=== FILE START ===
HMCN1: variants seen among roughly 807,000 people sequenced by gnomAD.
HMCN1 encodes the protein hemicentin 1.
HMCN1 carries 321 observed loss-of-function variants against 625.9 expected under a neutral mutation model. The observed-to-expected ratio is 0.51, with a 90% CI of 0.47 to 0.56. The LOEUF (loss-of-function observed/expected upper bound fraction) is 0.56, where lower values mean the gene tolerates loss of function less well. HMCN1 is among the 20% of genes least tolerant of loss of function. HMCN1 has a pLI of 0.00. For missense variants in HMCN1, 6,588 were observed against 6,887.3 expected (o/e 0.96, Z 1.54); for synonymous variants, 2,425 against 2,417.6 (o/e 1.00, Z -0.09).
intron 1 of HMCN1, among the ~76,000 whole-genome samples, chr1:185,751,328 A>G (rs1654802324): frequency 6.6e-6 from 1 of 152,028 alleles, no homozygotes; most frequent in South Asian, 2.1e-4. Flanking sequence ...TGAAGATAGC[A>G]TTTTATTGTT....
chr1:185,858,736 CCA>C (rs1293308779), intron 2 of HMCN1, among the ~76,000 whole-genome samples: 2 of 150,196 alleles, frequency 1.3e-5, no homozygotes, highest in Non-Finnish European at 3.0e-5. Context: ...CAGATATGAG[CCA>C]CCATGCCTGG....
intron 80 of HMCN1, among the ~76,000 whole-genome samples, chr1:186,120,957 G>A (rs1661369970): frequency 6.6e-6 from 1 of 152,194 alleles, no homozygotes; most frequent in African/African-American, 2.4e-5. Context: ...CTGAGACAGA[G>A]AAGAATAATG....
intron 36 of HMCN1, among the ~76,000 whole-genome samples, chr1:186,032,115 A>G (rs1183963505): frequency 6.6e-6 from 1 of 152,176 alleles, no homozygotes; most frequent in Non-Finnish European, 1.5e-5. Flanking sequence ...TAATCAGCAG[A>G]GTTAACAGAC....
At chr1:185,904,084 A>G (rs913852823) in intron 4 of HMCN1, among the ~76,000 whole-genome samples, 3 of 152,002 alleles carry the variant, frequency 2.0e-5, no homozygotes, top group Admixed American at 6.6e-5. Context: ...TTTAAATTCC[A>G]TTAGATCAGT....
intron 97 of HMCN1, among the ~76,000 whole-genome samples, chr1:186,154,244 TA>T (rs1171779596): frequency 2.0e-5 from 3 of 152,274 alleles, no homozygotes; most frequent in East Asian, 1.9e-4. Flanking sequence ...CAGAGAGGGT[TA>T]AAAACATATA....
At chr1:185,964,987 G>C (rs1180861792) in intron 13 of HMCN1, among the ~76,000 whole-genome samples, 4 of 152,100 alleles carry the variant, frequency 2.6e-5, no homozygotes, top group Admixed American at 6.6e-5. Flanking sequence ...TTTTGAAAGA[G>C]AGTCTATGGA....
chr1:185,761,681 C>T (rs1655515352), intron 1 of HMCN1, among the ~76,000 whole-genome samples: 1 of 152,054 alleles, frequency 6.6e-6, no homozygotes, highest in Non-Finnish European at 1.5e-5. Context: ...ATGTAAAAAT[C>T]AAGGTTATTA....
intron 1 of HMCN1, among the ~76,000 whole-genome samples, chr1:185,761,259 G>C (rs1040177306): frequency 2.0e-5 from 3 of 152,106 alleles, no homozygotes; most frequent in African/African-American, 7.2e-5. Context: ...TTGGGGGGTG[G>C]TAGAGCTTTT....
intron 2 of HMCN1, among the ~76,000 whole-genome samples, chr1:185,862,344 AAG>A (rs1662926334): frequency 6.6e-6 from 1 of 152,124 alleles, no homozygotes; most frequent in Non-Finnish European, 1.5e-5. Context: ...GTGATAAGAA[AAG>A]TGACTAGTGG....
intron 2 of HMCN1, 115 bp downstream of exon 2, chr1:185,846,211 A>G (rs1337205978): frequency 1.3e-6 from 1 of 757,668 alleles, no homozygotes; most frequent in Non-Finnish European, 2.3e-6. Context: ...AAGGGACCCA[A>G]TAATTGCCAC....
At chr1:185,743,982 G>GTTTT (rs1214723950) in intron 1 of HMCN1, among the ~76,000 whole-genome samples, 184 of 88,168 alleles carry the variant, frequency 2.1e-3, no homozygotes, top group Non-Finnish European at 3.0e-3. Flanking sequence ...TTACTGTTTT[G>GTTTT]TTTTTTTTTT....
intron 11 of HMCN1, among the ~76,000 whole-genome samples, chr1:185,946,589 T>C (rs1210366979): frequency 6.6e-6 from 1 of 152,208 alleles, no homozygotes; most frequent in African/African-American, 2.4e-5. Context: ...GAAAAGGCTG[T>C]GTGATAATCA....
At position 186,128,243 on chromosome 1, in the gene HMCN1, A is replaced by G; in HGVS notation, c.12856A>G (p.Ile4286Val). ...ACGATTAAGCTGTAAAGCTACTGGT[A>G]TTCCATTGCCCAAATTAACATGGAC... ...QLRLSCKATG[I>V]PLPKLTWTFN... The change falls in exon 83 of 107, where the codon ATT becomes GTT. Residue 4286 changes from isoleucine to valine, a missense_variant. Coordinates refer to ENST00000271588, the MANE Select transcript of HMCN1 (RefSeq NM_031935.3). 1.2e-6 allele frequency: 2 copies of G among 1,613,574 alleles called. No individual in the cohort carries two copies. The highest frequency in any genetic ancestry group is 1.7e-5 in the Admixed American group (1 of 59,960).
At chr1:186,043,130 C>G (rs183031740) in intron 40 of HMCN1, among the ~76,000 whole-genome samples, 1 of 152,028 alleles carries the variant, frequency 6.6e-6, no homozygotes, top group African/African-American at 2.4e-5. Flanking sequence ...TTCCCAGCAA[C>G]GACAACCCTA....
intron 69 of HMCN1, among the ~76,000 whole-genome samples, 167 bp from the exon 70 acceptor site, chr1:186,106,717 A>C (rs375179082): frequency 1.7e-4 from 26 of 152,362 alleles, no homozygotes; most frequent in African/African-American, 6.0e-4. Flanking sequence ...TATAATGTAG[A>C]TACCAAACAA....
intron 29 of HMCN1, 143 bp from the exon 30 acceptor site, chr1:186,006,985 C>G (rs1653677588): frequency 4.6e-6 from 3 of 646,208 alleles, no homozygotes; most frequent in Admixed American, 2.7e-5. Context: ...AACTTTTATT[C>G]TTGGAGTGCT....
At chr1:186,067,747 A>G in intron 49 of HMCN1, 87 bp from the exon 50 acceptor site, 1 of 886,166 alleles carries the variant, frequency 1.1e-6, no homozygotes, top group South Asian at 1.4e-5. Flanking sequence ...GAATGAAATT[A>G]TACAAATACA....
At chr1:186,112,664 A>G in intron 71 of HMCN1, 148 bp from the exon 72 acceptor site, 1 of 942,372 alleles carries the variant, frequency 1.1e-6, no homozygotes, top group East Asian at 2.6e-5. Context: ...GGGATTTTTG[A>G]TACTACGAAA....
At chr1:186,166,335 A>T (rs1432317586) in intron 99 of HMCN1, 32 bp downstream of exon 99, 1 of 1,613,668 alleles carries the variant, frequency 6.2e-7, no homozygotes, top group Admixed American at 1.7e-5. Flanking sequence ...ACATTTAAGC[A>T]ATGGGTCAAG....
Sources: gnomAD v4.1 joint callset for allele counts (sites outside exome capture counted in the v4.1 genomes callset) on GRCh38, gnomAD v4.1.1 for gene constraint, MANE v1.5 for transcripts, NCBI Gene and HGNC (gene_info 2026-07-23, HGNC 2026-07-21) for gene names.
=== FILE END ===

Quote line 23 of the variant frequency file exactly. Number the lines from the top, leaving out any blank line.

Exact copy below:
At chr1:186,166,335 A>T (rs1432317586) in intron 99 of HMCN1, 32 bp downstream of exon 99, 1 of 1,613,668 alleles carries the variant, frequency 6.2e-7, no homozygotes, top group Admixed American at 1.7e-5. Flanking sequence ...ACATTTAAGC[A>T]ATGGGTCAAG....